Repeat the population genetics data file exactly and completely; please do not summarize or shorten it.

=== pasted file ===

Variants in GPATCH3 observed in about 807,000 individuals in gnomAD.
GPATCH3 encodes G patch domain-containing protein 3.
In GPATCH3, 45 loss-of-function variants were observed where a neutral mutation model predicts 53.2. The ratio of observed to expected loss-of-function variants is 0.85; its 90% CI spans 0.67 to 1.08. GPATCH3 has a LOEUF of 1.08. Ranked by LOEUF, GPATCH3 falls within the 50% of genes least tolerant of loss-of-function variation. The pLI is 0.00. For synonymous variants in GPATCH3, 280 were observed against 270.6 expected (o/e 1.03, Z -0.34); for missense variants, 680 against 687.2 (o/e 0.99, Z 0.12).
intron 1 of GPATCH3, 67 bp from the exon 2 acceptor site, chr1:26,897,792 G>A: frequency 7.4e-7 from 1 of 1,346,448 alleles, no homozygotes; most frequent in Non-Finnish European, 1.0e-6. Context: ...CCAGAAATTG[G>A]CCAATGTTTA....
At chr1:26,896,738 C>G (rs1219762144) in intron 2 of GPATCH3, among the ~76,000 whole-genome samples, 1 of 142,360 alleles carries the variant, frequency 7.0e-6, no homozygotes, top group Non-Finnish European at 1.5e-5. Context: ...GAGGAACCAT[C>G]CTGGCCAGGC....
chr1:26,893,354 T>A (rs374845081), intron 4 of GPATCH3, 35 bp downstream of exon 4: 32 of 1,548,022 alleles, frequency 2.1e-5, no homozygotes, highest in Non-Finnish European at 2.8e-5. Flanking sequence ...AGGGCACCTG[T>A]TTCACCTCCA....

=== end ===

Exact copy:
Variants in GPATCH3 observed in about 807,000 individuals in gnomAD.
GPATCH3 encodes G patch domain-containing protein 3.
In GPATCH3, 45 loss-of-function variants were observed where a neutral mutation model predicts 53.2. The ratio of observed to expected loss-of-function variants is 0.85; its 90% CI spans 0.67 to 1.08. GPATCH3 has a LOEUF of 1.08. Ranked by LOEUF, GPATCH3 falls within the 50% of genes least tolerant of loss-of-function variation. The pLI is 0.00. For synonymous variants in GPATCH3, 280 were observed against 270.6 expected (o/e 1.03, Z -0.34); for missense variants, 680 against 687.2 (o/e 0.99, Z 0.12).
intron 1 of GPATCH3, 67 bp from the exon 2 acceptor site, chr1:26,897,792 G>A: frequency 7.4e-7 from 1 of 1,346,448 alleles, no homozygotes; most frequent in Non-Finnish European, 1.0e-6. Context: ...CCAGAAATTG[G>A]CCAATGTTTA....
At chr1:26,896,738 C>G (rs1219762144) in intron 2 of GPATCH3, among the ~76,000 whole-genome samples, 1 of 142,360 alleles carries the variant, frequency 7.0e-6, no homozygotes, top group Non-Finnish European at 1.5e-5. Context: ...GAGGAACCAT[C>G]CTGGCCAGGC....
chr1:26,893,354 T>A (rs374845081), intron 4 of GPATCH3, 35 bp downstream of exon 4: 32 of 1,548,022 alleles, frequency 2.1e-5, no homozygotes, highest in Non-Finnish European at 2.8e-5. Flanking sequence ...AGGGCACCTG[T>A]TTCACCTCCA....